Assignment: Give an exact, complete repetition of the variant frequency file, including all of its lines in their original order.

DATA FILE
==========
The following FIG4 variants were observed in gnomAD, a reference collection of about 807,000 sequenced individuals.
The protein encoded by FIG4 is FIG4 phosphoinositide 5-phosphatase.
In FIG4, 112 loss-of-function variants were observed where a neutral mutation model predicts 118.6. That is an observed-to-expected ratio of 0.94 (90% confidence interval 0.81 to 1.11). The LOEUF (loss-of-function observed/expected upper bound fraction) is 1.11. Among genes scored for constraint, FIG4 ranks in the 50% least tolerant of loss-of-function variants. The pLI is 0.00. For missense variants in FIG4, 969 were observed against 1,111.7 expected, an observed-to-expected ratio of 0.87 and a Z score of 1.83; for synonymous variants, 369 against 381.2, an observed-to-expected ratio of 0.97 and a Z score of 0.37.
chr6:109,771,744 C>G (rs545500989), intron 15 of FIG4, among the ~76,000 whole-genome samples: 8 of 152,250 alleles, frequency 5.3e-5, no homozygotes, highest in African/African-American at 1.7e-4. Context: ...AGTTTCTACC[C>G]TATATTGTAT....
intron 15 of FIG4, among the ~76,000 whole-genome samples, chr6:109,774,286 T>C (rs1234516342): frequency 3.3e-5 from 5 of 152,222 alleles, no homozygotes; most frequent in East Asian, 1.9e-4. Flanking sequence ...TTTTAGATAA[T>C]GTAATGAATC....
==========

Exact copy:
The following FIG4 variants were observed in gnomAD, a reference collection of about 807,000 sequenced individuals.
The protein encoded by FIG4 is FIG4 phosphoinositide 5-phosphatase.
In FIG4, 112 loss-of-function variants were observed where a neutral mutation model predicts 118.6. That is an observed-to-expected ratio of 0.94 (90% confidence interval 0.81 to 1.11). The LOEUF (loss-of-function observed/expected upper bound fraction) is 1.11. Among genes scored for constraint, FIG4 ranks in the 50% least tolerant of loss-of-function variants. The pLI is 0.00. For missense variants in FIG4, 969 were observed against 1,111.7 expected, an observed-to-expected ratio of 0.87 and a Z score of 1.83; for synonymous variants, 369 against 381.2, an observed-to-expected ratio of 0.97 and a Z score of 0.37.
chr6:109,771,744 C>G (rs545500989), intron 15 of FIG4, among the ~76,000 whole-genome samples: 8 of 152,250 alleles, frequency 5.3e-5, no homozygotes, highest in African/African-American at 1.7e-4. Context: ...AGTTTCTACC[C>G]TATATTGTAT....
intron 15 of FIG4, among the ~76,000 whole-genome samples, chr6:109,774,286 T>C (rs1234516342): frequency 3.3e-5 from 5 of 152,222 alleles, no homozygotes; most frequent in East Asian, 1.9e-4. Flanking sequence ...TTTTAGATAA[T>C]GTAATGAATC....